Baltimore’s top lawyer filed a lawsuit Friday against oil and gas companies, holding them financially responsible for climate change.
Baltimore’s top lawyer filed a lawsuit Friday against more than two dozen oil and gas companies that do business in the city, seeking to hold them financially responsible for their contributions to global climate change.
City Solicitor Andre M. Davis said the city will argue that the companies violated state laws, including a consumer protection statute, by concealing and disputing links between fossil fuel emissions and climate change.
“The companies knew of the harm decades ago,” the former federal judge said. “If it had been disclosed, the problem of climate change could have been mitigated significantly. That’s our claim.”
The lawsuit, filed in Baltimore Circuit Court, follows more than a dozen similar complaints filed by governments around the country — some of which judges have quickly tossed.
Just Thursday, a federal judge dismissed a lawsuit New York City officials filed against oil companies, echoing a 2011 Supreme Court ruling that called climate change “an undertaking for the political branches” of government.
A “rough” legislative session for environmental groups ended with the failure of two key proposals — one better measuring Maryland forest loss and another cutting off green-energy subsidies for a Baltimore trash incinerator.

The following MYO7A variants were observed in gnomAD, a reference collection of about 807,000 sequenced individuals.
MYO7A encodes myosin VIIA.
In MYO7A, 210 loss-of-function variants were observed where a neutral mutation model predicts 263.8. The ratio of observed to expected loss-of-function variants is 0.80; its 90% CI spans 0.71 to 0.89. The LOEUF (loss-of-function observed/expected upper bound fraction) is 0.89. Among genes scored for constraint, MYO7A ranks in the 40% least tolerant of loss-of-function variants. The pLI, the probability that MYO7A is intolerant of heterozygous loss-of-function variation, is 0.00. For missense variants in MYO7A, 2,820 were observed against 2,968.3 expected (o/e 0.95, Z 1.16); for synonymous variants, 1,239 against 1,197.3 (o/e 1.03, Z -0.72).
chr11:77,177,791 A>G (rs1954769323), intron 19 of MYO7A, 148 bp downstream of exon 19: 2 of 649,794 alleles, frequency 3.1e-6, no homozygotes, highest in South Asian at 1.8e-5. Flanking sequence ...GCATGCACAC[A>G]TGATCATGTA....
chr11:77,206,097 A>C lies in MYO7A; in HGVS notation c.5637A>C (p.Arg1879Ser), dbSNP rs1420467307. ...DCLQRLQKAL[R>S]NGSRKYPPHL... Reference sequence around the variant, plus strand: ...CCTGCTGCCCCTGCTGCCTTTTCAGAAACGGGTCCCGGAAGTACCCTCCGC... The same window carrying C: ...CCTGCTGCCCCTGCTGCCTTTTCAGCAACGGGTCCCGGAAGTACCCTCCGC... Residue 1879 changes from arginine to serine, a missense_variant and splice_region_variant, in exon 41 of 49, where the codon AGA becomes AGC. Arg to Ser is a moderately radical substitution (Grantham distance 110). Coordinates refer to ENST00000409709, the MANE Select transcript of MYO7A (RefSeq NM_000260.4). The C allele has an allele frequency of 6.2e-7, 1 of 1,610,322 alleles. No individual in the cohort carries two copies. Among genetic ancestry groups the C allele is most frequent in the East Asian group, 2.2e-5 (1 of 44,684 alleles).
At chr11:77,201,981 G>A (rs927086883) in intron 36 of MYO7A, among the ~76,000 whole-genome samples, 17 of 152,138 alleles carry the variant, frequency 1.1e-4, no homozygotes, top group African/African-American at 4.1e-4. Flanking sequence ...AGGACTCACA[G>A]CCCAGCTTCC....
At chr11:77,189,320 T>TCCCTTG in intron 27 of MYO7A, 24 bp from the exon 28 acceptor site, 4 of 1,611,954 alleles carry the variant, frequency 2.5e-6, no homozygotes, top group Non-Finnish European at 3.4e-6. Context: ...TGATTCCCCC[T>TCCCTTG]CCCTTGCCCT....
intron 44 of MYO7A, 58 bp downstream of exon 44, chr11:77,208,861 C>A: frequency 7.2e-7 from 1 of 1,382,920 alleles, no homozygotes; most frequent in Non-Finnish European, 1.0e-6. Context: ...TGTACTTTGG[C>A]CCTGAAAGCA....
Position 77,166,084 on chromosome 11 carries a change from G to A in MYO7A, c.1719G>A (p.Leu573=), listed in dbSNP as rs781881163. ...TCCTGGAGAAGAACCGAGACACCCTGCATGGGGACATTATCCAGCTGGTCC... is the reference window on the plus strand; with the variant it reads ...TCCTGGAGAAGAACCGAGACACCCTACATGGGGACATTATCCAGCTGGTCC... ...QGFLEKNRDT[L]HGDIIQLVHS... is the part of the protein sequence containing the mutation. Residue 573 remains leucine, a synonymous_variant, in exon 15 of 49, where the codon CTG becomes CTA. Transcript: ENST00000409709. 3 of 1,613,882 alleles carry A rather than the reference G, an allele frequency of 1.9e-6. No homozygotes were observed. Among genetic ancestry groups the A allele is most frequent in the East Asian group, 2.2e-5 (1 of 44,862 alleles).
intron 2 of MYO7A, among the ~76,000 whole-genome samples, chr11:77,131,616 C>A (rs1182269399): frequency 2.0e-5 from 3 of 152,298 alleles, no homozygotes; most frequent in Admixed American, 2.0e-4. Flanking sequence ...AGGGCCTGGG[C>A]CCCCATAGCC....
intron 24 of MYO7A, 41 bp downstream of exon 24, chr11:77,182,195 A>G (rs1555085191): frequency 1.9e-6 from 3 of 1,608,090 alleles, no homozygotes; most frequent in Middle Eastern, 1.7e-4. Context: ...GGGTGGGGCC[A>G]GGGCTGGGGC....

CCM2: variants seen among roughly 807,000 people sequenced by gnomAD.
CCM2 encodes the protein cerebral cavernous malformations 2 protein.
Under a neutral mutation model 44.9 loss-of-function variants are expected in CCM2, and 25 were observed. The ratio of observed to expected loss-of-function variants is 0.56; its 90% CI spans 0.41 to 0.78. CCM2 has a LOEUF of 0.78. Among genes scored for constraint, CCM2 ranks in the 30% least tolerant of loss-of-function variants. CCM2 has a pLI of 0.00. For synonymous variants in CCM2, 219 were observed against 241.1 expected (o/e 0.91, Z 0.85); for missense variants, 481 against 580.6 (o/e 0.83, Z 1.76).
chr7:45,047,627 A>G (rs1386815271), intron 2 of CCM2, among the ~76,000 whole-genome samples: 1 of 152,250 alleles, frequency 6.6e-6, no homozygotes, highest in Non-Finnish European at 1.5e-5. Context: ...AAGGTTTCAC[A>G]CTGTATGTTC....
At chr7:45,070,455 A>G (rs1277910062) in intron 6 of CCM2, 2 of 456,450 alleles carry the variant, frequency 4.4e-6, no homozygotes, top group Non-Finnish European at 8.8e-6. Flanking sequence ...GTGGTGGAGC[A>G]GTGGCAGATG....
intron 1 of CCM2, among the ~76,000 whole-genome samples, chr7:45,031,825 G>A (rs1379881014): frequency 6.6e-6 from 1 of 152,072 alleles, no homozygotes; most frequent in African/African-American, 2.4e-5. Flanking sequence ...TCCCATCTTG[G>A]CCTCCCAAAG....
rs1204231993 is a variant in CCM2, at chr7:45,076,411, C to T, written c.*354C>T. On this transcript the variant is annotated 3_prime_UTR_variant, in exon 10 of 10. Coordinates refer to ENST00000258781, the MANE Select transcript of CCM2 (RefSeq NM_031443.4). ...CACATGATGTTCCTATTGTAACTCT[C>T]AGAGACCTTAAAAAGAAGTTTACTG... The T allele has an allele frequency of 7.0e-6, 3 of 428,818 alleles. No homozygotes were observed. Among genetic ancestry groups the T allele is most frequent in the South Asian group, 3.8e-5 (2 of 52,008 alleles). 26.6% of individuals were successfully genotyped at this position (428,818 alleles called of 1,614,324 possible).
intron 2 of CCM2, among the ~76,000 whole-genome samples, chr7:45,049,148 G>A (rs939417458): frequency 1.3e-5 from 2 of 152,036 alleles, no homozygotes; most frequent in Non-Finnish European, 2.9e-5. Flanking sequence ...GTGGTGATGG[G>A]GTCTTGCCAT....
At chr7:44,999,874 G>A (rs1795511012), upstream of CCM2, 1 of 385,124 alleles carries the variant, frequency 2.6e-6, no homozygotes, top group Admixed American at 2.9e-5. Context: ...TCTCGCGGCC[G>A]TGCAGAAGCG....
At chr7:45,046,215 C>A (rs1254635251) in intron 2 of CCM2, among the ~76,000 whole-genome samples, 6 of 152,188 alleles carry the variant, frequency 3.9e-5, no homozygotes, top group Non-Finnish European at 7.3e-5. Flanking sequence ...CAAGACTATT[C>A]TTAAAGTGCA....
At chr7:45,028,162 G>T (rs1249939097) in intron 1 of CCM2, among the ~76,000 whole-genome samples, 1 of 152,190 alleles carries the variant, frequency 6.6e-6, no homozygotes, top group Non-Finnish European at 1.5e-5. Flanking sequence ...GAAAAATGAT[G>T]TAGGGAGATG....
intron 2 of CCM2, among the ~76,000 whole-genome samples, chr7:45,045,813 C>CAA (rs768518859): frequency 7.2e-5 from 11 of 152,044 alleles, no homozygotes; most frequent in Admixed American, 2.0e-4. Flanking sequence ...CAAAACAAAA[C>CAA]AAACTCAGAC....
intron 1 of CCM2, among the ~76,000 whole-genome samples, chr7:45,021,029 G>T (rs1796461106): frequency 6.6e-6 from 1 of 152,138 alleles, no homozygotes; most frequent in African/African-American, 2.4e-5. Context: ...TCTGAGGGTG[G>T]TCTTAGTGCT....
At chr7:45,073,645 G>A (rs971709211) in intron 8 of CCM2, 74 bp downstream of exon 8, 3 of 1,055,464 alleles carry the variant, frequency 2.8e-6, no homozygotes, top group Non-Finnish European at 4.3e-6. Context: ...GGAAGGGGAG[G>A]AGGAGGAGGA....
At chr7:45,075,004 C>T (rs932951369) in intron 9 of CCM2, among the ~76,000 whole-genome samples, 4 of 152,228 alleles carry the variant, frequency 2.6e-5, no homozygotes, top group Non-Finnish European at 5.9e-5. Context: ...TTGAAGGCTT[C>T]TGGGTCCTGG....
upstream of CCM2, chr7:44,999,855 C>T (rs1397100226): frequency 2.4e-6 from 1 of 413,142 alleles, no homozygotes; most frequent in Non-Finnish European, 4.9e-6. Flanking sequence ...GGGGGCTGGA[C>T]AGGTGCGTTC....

But Davis said he thinks state courts are an appropriate venue for the claim.
“The Founding Fathers would approve of this lawsuit,” he said. “They understood that states and localities have a role to play, and state court judges have an important role to play to ensure that justice is delivered to the people.”
The 26 defendants in Baltimore’s lawsuit include companies that transport fuels through the Port of Baltimore, including BP, Citgo and CONSOL Energy. Others market their fuels at gas stations around the city and state, including ConocoPhillips, Marathon Oil and Hess Corp.
Many are among the largest fossil fuel companies in the world, including ExxonMobil, Shell and Chevron.
The lawsuit argues that the companies knew that emissions from combustion of oil, gas and coal were building up in the atmosphere and trapping heat, and that the greenhouse effect would raise global temperatures and disrupt climate patterns. It cites revelations made in recent years that oil and gas companies were anticipating and preparing for the risks of climate change for decades, but did not share those concerns publicly.
The complaint also includes data showing that the globe has not recorded below-average temperatures since the 1970s, as compared to the global mean for 1910 through 2000, and that carbon dioxide levels in the atmosphere have been rising steadily since the 1950s.
It lists eight offenses by the companies, including public nuisance, failure to warn, and trespass, and says their actions violate Maryland’s Consumer Protection Act. That law prohibits misleading statements and “knowing concealment.”
It is seeking unspecified damages, legal penalties and court costs.
Debate about climate is too often grounded in partisan politics, not reality.
Mayor Catherine Pugh said she doesn’t see a conflict between the lawsuit and the city’s continued use of fossil fuels. City lawyers argue that Baltimore and the rest of the world could have weaned themselves from fossil fuels if not for the energy companies’ actions to fend off regulation and slow development of alternative technologies.